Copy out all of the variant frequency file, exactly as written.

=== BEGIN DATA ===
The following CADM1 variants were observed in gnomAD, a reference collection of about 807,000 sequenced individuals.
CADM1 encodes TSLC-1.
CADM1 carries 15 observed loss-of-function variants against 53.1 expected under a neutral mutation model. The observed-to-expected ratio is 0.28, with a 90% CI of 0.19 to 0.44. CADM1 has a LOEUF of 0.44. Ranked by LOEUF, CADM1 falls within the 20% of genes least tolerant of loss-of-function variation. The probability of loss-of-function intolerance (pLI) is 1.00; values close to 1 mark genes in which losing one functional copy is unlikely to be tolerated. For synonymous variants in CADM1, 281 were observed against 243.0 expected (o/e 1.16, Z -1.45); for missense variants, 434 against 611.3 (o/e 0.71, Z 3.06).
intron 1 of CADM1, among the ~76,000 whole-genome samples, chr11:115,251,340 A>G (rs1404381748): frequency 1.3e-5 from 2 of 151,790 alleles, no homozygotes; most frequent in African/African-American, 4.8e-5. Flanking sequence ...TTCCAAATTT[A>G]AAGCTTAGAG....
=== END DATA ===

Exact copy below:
The following CADM1 variants were observed in gnomAD, a reference collection of about 807,000 sequenced individuals.
CADM1 encodes TSLC-1.
CADM1 carries 15 observed loss-of-function variants against 53.1 expected under a neutral mutation model. The observed-to-expected ratio is 0.28, with a 90% CI of 0.19 to 0.44. CADM1 has a LOEUF of 0.44. Ranked by LOEUF, CADM1 falls within the 20% of genes least tolerant of loss-of-function variation. The probability of loss-of-function intolerance (pLI) is 1.00; values close to 1 mark genes in which losing one functional copy is unlikely to be tolerated. For synonymous variants in CADM1, 281 were observed against 243.0 expected (o/e 1.16, Z -1.45); for missense variants, 434 against 611.3 (o/e 0.71, Z 3.06).
intron 1 of CADM1, among the ~76,000 whole-genome samples, chr11:115,251,340 A>G (rs1404381748): frequency 1.3e-5 from 2 of 151,790 alleles, no homozygotes; most frequent in African/African-American, 4.8e-5. Flanking sequence ...TTCCAAATTT[A>G]AAGCTTAGAG....